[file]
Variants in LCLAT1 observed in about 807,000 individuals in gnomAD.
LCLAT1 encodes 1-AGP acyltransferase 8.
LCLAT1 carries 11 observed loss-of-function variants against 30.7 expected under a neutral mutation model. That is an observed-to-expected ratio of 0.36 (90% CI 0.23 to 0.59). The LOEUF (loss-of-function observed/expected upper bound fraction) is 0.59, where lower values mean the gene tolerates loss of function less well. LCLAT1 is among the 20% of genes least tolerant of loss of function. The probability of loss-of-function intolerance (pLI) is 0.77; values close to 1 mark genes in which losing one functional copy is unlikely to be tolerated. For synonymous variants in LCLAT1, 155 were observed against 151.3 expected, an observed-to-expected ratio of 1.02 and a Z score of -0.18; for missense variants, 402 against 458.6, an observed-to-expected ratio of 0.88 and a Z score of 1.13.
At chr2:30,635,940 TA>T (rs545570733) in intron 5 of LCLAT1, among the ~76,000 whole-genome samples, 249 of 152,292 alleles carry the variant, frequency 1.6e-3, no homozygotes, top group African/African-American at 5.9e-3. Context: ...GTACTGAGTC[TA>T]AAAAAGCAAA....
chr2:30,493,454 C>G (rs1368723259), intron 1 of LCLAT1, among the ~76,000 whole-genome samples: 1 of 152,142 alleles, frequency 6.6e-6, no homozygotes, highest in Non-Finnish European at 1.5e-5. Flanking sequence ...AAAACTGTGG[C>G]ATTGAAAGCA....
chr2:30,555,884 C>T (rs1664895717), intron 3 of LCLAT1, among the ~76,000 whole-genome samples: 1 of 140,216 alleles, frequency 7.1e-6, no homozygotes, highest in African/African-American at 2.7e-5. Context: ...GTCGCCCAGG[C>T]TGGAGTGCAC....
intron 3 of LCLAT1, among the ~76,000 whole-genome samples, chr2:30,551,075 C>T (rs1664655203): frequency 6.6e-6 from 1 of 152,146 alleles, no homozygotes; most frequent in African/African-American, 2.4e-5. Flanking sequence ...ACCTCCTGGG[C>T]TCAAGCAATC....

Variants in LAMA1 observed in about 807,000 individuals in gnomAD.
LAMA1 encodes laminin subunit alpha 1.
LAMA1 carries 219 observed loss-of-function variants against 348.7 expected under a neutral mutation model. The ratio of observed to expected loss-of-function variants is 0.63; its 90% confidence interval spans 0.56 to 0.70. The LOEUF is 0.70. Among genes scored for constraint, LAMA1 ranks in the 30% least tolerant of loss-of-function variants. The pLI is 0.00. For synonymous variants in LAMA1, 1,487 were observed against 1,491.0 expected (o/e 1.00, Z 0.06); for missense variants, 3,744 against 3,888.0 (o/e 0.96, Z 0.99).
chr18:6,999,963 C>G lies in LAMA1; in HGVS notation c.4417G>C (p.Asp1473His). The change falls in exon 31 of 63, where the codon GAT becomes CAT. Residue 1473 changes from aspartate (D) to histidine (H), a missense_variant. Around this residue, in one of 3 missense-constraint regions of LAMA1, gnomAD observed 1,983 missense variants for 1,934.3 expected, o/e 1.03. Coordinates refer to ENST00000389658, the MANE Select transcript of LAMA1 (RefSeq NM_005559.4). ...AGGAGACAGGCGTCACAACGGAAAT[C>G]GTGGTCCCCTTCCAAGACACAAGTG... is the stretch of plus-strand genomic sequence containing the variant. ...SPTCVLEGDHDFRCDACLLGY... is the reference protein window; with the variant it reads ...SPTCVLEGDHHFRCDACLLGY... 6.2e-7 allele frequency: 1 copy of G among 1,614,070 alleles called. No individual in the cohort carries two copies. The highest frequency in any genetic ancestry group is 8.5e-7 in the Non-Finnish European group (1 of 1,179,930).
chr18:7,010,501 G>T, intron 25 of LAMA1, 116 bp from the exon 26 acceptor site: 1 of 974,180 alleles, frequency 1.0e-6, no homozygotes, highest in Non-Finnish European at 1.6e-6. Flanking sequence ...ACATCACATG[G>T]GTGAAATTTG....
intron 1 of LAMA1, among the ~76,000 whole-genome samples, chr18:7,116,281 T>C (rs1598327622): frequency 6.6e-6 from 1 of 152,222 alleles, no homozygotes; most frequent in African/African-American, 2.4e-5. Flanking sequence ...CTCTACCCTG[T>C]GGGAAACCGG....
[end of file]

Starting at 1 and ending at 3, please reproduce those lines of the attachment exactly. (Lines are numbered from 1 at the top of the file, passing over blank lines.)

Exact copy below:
Variants in LCLAT1 observed in about 807,000 individuals in gnomAD.
LCLAT1 encodes 1-AGP acyltransferase 8.
LCLAT1 carries 11 observed loss-of-function variants against 30.7 expected under a neutral mutation model. That is an observed-to-expected ratio of 0.36 (90% CI 0.23 to 0.59). The LOEUF (loss-of-function observed/expected upper bound fraction) is 0.59, where lower values mean the gene tolerates loss of function less well. LCLAT1 is among the 20% of genes least tolerant of loss of function. The probability of loss-of-function intolerance (pLI) is 0.77; values close to 1 mark genes in which losing one functional copy is unlikely to be tolerated. For synonymous variants in LCLAT1, 155 were observed against 151.3 expected, an observed-to-expected ratio of 1.02 and a Z score of -0.18; for missense variants, 402 against 458.6, an observed-to-expected ratio of 0.88 and a Z score of 1.13.